We Joined the Navy
Directed byWendy Toye
Written byHoward Dimsdale
Based onWe Joined the Navy by John Winton
Produced byDaniel M. Angel
Vivian Cox
StarringKenneth More
Lloyd Nolan
Joan O'Brien
CinematographyOtto Heller
Edited byRichard Best
Music byRon Grainer
Production
companies
Distributed byWarner-Pathé Distributors
Release date
  • 29 November 1962 (1962-11-29) (London)
Running time
106 minutes
CountryUnited Kingdom
LanguageEnglish

We Joined the Navy is a 1962 British comedy film directed by Wendy Toye and starring Kenneth More, Lloyd Nolan, Joan O'Brien, Derek Fowlds, Graham Crowden, Esma Cannon and John Le Mesurier. Produced by Daniel M. Angel, it was based on the 1959 novel of the same name by John Winton, a former Royal Navy lieutenant commander.

The film was shot on location in Villefranche-sur-Mer, near Nice and Monaco, on board the Royal Naval College, Dartmouth, and USS Springfield as well as at ABPC Elstree Studios.[1] The film's sets were designed by art director John Howell. It was shot in CinemaScope by cinematographer Otto Heller.

In addition to the credited cast, the film features uncredited cameos by Michael Bentine, Sidney James, Rodney Bewes and Dirk Bogarde (in a gag reference to his Doctor series role, Simon Sparrow).

Director Wendy Toye said "it was a fun film to do it really was, because it is always lovely to work with Kenny More, it always was. And Lloyd Nolan was such an excellent actor."[2]

Plot

Lieutenant Commander Robert Bollinger Badger, known everywhere in the Royal Navy as The Artful Bodger, is an excellent naval officer with one major problem: he speaks the truth at the most inopportune times. As a result, he is transferred to shore duty and then to instruct at the Royal Naval College. When his remarks are repeated by one of his students to the student's father, an anti-military member of Parliament, Badger has one last chance: he and three problem midshipmen are sent as exchange officers to the flagship of the United States Sixth Fleet. Their antics set back Anglo-American relations until they go ashore to a nation in the midst of a revolution.

Cast

Production

The film was based on a 1959 novel by John Winton, a pseudonym for Royal Navy Lieutenant Commander John Pratt. The book was popular and led to a number of sequels including We Saw the Sea, Down the Hatch and Never go to Sea. In early 1959 producer Daniel Angel bought the film rights as a vehicle for Kenneth More.[3]

Angel was blacklisted by cinema chains in England for two years for selling his films to television. We Joined the Navy was his comeback film. "They held out longer than I thought they would," said Angel. "The reasons for the unbanning are unspecified. I was just made to understand that if I produced films, the exhibitors would consider showing them."[4]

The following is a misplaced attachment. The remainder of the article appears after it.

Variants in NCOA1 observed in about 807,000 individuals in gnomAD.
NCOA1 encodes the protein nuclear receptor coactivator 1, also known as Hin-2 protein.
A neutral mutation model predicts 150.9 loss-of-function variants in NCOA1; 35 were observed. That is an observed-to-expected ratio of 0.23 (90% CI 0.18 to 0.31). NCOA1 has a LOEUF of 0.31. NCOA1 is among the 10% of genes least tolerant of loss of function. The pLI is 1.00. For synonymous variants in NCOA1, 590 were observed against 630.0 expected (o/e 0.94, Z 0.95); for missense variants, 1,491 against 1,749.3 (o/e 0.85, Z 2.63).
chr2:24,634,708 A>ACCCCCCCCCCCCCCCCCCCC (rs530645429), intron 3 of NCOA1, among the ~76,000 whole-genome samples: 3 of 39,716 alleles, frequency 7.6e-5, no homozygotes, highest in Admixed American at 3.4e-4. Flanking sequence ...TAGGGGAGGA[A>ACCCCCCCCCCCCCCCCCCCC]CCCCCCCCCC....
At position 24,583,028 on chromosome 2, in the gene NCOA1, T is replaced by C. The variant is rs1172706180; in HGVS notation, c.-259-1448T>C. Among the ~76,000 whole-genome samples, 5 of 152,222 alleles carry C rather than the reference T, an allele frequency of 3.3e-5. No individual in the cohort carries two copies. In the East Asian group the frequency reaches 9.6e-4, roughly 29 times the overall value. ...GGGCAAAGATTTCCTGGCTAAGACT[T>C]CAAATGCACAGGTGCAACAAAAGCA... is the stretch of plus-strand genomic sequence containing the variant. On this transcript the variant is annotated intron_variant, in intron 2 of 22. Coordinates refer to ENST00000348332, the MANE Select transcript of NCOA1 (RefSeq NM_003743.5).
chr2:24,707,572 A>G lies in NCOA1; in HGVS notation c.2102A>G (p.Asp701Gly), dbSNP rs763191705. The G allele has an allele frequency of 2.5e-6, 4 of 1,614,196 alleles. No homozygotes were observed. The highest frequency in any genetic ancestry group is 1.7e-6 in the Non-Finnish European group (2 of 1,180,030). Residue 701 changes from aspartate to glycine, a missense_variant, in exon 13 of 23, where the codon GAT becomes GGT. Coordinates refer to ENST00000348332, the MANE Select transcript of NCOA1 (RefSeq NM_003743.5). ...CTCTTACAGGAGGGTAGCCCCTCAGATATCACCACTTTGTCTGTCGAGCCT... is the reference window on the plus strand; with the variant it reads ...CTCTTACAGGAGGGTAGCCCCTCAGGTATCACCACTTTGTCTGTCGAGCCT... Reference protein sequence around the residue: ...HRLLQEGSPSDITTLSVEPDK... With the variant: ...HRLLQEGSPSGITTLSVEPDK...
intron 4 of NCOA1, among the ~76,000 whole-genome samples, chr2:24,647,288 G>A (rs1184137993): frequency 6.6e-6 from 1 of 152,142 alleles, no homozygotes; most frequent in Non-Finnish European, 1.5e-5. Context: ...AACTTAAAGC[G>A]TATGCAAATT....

In 1961 Daniel Angel signed a deal to produce a number of movies for Associated British of which this was to be the first (West 11 was the second).[5]

More made it after his attempts to star in a film based on the book White Rabbit fell through. He called We Joined the Navy "the funniest script I've ever read" and said "it will be the I'm Alright Jack of the navy."[6]

Filming started in Villefrance in the south of France on 1 May 1962 then continued at Elstree Studios. Toyes said Dirk Bogarde did a cameo as a favour to More and Danny Angel. "He was wonderful," said the director. "He came down, he only had had one very short scene to do, there were lots and lots of little cameo parts. And he never put a foot wrong, never had to have another tape, just came in and did it and had gone in about half an hour."[2]

It was Mischa Auer's first English language film in a number of years.[2]

Reception

The Guardian called it "a good romp".[7] Filmink argued the film "was lopsided: the action should focus on the new recruits but they have to share time with Kenneth More, who plays their officer." [8]

Toye later said "the first half" of the film with "the boys being at Dartmouth and then being accepted for the navy and taking their various jobs and being, they became the three midshipmen... all that worked splendidly." However she said in the second half "it all took a funny turn and it became a bit political and by that time the mood of the film was comedy and it just, I don’t think it worked really. But it was the most fantastic cast."[2]

Home video

A Region 2 DVD of We Joined the Navy was released by Network on 16 February 2015. The disc features a 2.35:1 anamorphic transfer.[citation needed]

References

  1. ^ Kenneth More, More or Less, London: Hodder & Stoughton, 1978, p.188
  2. ^ a b c d "Wendy Toyes interview" (PDF). British Entertainment History Project. 20 May 1991. Retrieved 8 March 2023.
  3. ^ Boyle, Paul (15 March 1959). "I Go Wild About Marty". Sunday Pictorial. p. 6.
  4. ^ "The banned major is back in business". Evening Standard. 13 April 1962. p. 10.
  5. ^ "ABPC-Angel Deal". Kine Weekly. 21 September 1961. p. 1.
  6. ^ "Kenneth More loses his dream film". Evening Standard. 19 January 1962. p. 10.
  7. ^ "Films reviewed". The Guardian. 7 January 1963. p. 8.
  8. ^ Vagg, Stephen (16 April 2023). "Surviving Cold Streaks: Kenneth More". Filmink.